Collaborative operational harvest planning

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As we’ve reported, the HarvestTECH 2017 event ran a couple of weeks ago in Rotorua with around 450 logging contractors, forest managers, harvest planners and key equipment suppliers to the industry turning up. Details on how event delegates download the many presentations and resources that came from the event have already been sent out.

As part of the two-day conference programme, Dave Robinson, Chief Operating Officer with Nelson Forests outlined the joint approach that their company was taking to harvest operations.

This included:

  • Maintaining a 6 month ahead constructed position. The rationale here is to ensure that there is a stock of roads and skids in place that will carry you through the wetter periods of the year. As well as engineering staff, the logging crew is involved in the planning of their work so they can have direct ownership of the success of their operations at the area made ready.
  • Achieving a 6-12 month field verified plan. Here the harvest unit has been walked by all plan stakeholders (Company, Engineering, Harvesting) to the extent that setting boundaries, and road /skid locations have been verified as feasible and of suitable size, shape and gradeability.
  • Achieving a minimum of 12 – 24 month paper planned set of harvest units. Harvest units (typically of 20 to 50ha in size and are defined by their usage of a common set of roading infrastructure and estimated natural topographic boundaries) are drawn off from the combination of stands and terrain classes as provided by the resource plan.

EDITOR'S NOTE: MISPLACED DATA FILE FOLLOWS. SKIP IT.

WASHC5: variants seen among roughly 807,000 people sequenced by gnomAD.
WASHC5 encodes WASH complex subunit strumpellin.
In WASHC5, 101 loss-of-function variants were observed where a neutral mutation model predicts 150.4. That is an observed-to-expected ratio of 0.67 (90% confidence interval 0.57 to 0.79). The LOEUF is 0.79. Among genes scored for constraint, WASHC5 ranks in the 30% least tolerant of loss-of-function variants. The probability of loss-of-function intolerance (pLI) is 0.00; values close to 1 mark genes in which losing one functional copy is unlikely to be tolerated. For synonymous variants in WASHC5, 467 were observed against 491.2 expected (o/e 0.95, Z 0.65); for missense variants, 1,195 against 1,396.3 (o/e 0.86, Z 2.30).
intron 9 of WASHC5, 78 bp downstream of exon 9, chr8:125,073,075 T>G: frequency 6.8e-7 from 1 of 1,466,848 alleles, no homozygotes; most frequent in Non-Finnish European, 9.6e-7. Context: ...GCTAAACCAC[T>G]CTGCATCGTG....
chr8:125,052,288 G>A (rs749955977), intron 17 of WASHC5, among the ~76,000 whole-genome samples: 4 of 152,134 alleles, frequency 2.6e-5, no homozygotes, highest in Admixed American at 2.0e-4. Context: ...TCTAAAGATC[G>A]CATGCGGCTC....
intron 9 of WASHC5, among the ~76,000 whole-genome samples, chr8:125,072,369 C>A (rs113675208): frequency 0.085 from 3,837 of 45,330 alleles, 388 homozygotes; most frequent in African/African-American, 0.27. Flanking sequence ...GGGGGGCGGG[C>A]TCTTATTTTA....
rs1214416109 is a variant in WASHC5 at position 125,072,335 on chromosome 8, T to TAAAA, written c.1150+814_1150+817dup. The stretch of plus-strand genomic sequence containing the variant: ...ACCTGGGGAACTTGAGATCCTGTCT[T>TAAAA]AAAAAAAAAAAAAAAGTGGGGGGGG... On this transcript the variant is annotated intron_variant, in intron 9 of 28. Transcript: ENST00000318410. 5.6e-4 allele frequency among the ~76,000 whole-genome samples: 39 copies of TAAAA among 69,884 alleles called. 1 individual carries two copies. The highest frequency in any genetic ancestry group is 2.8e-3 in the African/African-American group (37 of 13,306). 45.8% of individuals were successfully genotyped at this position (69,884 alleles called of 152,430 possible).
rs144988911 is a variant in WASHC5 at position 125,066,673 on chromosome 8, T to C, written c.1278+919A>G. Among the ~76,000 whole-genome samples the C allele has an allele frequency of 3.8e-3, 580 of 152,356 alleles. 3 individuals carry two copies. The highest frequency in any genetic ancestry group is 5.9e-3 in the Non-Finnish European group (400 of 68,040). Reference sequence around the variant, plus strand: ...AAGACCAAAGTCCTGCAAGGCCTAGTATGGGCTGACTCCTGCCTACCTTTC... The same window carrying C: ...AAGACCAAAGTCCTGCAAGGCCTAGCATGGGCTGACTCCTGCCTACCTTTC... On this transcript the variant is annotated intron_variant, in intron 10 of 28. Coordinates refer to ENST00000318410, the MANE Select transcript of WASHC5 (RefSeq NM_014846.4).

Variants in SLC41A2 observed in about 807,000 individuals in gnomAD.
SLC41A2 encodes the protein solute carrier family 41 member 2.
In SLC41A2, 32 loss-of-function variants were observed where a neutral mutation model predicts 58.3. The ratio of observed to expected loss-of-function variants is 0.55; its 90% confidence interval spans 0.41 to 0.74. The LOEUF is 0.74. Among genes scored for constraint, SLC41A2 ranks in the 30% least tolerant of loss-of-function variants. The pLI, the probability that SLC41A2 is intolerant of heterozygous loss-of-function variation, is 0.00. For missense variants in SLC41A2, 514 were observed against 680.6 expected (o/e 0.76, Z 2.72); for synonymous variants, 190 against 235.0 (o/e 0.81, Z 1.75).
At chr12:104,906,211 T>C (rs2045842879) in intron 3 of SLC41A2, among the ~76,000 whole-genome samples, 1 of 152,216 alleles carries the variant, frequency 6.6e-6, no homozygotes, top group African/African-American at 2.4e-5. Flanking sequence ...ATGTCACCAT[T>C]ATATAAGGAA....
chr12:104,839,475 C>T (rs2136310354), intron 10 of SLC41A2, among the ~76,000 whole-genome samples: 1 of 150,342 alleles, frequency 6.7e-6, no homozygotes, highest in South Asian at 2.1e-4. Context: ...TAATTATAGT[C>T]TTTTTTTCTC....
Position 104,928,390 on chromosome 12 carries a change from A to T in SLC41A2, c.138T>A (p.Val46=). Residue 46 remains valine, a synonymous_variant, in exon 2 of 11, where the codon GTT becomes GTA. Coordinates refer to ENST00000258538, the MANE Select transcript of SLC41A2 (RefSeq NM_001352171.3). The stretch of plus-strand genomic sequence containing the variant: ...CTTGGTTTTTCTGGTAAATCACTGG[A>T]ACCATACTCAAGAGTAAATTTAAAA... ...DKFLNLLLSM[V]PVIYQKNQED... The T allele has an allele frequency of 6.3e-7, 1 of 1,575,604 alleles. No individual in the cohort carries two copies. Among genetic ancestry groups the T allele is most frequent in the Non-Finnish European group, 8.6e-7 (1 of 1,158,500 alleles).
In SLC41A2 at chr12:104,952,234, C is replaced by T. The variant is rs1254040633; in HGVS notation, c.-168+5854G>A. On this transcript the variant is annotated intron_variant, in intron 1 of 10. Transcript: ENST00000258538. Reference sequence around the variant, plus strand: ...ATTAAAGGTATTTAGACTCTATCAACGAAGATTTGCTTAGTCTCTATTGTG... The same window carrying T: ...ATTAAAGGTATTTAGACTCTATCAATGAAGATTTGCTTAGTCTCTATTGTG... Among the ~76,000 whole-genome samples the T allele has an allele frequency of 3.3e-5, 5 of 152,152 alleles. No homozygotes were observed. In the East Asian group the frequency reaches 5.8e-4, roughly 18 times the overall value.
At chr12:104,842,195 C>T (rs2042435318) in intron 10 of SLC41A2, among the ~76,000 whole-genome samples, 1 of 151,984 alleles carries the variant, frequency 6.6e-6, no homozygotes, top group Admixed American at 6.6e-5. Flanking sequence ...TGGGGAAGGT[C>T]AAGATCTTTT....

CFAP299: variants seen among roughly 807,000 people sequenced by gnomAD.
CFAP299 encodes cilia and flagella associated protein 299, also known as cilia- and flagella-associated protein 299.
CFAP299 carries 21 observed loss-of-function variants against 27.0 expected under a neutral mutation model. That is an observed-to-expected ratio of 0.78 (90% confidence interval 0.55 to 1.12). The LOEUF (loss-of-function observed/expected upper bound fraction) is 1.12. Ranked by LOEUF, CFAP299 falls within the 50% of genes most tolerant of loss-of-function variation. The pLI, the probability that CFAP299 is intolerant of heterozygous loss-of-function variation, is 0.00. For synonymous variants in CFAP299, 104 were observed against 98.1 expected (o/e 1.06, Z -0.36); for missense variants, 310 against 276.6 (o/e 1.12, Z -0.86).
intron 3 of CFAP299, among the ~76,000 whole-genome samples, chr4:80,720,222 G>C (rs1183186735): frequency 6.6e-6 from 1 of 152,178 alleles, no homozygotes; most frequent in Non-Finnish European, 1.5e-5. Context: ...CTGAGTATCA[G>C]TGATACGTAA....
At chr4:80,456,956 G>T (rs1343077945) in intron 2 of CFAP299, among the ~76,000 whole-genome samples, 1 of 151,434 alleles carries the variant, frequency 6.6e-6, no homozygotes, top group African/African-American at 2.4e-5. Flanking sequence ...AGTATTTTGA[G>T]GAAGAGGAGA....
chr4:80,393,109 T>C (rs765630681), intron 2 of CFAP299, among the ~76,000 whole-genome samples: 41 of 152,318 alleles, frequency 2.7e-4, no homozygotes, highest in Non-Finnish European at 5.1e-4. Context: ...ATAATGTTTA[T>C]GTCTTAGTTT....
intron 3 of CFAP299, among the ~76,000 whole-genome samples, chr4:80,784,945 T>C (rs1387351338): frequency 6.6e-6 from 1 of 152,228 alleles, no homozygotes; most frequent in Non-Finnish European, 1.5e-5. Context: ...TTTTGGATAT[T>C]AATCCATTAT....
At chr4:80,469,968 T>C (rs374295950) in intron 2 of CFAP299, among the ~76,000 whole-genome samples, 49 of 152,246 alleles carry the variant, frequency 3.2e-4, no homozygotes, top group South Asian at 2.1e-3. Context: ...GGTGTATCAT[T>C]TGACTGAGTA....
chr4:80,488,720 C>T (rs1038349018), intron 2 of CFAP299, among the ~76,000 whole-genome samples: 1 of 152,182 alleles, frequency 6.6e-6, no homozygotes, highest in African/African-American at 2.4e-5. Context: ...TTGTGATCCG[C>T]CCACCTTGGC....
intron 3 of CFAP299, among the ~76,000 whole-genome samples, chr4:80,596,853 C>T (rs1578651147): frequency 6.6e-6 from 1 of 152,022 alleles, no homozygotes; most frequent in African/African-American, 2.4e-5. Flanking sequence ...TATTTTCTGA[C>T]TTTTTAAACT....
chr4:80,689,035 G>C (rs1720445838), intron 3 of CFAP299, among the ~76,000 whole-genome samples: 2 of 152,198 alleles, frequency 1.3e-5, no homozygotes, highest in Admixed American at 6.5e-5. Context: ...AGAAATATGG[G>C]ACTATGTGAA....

• Maintaining a 5-year view of terrain classified by topographic type. All terrain within the two to five-year harvest plan is classified by its topographic type. Terrain classes form the basis of large scale harvest units which the resources forester can use for harvest planning and in doing so provide the operations team with a smoothed flow of volume by terrain type. This will aid a strategic approach to ensuring the right kind of equipment is available as the forest topology changes through time.

A more detailed report on partnership planning for those involved in resource management, harvest planning and logging operations has already been supplied to HarvestTECH 2017 delegates. The basis of the briefing paper is that it was provided to the Nelson Forests Business in 2013. Since then the business has refined partnership planning and built software tools to support the processes described.

A copy of this paper on collaborative operational harvest planning prepared by Dave Robinson has also been included here for wider use.

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